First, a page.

Bright Young Collectors: Miriam Borden

Courtesy of Miriam Borden

Our Bright Young Collectors series continues today with Miriam Borden, winner of the 2020 Honey & Wax Book Collecting Prize for women book collectors under 30.

  1. Where are you from / where do you live? From New Jersey; now living in Toronto.

  2. What did you study at University? I majored in Jewish Studies, with an emphasis on literature and history--which led me to my current program, a PhD in Yiddish Studies at the University of Toronto.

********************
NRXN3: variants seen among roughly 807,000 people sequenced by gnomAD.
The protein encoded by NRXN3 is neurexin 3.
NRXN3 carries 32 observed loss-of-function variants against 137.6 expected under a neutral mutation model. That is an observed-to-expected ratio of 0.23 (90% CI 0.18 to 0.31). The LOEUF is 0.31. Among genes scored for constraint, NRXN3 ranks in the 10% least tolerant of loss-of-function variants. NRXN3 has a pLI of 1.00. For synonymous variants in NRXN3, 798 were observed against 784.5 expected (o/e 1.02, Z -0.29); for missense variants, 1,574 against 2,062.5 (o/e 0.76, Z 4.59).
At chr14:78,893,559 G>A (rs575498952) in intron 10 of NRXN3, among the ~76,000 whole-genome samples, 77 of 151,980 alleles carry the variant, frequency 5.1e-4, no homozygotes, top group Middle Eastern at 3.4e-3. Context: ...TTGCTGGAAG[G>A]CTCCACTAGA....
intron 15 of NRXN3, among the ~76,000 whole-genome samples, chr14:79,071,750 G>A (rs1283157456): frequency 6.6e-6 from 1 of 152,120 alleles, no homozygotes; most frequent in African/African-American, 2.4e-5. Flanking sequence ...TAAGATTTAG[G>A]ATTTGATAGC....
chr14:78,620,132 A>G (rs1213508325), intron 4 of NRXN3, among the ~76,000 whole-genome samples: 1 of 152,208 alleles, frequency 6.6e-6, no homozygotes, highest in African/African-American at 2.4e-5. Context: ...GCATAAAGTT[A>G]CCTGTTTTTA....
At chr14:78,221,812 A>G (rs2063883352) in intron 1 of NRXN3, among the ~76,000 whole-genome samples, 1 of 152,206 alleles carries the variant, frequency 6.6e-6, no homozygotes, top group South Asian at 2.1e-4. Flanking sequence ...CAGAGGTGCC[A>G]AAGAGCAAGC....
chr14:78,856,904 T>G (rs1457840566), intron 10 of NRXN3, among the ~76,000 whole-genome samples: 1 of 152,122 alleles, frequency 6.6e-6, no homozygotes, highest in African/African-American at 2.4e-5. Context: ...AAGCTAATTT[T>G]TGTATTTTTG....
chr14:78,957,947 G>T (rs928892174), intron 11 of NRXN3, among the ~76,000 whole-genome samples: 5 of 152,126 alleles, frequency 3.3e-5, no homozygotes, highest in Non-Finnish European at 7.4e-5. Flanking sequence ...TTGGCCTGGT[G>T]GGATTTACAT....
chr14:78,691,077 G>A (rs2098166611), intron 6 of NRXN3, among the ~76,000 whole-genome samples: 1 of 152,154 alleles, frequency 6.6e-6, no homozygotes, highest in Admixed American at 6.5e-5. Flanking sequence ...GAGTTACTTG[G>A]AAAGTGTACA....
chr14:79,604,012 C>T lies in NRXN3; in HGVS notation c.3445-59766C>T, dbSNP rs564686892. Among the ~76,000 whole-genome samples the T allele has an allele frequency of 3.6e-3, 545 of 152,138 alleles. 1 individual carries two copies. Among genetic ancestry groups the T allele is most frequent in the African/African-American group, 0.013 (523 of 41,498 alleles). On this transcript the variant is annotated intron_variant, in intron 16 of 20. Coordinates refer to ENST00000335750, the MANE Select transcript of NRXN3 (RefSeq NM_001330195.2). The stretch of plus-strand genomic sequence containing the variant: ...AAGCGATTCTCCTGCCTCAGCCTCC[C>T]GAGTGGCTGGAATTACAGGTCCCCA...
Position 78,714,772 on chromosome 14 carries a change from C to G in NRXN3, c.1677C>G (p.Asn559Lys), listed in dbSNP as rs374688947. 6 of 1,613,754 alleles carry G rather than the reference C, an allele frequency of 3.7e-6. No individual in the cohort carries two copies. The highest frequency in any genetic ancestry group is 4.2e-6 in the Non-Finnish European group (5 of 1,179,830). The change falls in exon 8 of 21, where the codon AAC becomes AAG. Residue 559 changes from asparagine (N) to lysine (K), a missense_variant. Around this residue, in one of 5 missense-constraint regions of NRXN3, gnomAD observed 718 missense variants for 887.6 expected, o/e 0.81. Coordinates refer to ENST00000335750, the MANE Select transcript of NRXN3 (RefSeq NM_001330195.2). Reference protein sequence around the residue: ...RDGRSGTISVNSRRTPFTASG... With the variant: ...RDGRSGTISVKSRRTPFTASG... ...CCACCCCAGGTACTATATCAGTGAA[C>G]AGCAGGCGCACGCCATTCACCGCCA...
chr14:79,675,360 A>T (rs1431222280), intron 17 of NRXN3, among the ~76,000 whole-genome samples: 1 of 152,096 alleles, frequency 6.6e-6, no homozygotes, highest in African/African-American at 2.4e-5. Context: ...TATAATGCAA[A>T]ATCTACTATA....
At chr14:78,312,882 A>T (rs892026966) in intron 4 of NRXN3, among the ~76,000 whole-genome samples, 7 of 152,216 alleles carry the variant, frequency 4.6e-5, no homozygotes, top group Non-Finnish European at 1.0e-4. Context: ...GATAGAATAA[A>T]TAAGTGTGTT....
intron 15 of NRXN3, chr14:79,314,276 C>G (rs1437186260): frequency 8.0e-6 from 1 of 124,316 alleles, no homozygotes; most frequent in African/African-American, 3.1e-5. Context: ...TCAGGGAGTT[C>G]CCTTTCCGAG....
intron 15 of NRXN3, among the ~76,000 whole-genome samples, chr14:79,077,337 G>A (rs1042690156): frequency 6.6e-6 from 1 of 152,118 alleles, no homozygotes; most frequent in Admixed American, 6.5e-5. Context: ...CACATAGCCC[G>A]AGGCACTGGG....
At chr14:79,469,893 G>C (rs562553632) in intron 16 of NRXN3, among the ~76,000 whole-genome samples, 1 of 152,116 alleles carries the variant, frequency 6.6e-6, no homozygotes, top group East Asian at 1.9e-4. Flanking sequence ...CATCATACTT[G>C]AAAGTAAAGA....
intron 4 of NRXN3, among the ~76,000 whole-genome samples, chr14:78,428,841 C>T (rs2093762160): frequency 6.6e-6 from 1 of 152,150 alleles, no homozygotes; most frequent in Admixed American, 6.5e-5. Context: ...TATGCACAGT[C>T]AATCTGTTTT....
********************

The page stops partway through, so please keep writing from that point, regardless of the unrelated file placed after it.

3. Please introduce us to your book collection. What areas do you collect in? I collect Yiddish books, broadly, but I emphasize textbooks, primers, and other educational materials produced for children in the Yiddish school system, from its heyday in the 1920s to its long decline, which reached into the 1970s. Teaching children Yiddish in the 20th century held a special significance. The question of language was paramount for modern Jewish expression and identity. Which was more appropriate: Hebrew, ancient and sacred--or Yiddish, modern and diasporic? The Yiddish school system in America was one answer.

  4. How many books are in your collection? 17 clothbound hardcover primers, two dozen workbooks, dozens of mimeographed booklets, songbooks, and short plays, 3 sets of vocabulary flashcards, and 2 sets of playing cards for the word game Lexicon--in Yiddish.